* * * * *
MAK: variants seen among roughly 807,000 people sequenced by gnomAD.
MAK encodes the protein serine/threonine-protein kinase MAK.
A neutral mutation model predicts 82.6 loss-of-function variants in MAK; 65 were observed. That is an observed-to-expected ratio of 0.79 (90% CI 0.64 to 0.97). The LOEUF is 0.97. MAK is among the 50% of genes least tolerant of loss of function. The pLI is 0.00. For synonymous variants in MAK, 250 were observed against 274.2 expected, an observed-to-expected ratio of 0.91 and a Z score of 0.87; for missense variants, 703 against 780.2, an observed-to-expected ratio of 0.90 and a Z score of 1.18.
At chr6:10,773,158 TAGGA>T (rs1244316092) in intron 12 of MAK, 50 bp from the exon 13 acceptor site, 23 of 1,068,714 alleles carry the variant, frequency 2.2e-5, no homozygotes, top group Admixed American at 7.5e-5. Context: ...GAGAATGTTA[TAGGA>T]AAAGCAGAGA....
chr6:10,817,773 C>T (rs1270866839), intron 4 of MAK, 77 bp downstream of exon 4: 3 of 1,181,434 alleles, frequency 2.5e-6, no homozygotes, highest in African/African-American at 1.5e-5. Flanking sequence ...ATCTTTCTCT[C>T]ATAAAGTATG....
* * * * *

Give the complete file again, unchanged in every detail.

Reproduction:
MAK: variants seen among roughly 807,000 people sequenced by gnomAD.
MAK encodes the protein serine/threonine-protein kinase MAK.
A neutral mutation model predicts 82.6 loss-of-function variants in MAK; 65 were observed. That is an observed-to-expected ratio of 0.79 (90% CI 0.64 to 0.97). The LOEUF is 0.97. MAK is among the 50% of genes least tolerant of loss of function. The pLI is 0.00. For synonymous variants in MAK, 250 were observed against 274.2 expected, an observed-to-expected ratio of 0.91 and a Z score of 0.87; for missense variants, 703 against 780.2, an observed-to-expected ratio of 0.90 and a Z score of 1.18.
At chr6:10,773,158 TAGGA>T (rs1244316092) in intron 12 of MAK, 50 bp from the exon 13 acceptor site, 23 of 1,068,714 alleles carry the variant, frequency 2.2e-5, no homozygotes, top group Admixed American at 7.5e-5. Context: ...GAGAATGTTA[TAGGA>T]AAAGCAGAGA....
chr6:10,817,773 C>T (rs1270866839), intron 4 of MAK, 77 bp downstream of exon 4: 3 of 1,181,434 alleles, frequency 2.5e-6, no homozygotes, highest in African/African-American at 1.5e-5. Flanking sequence ...ATCTTTCTCT[C>T]ATAAAGTATG....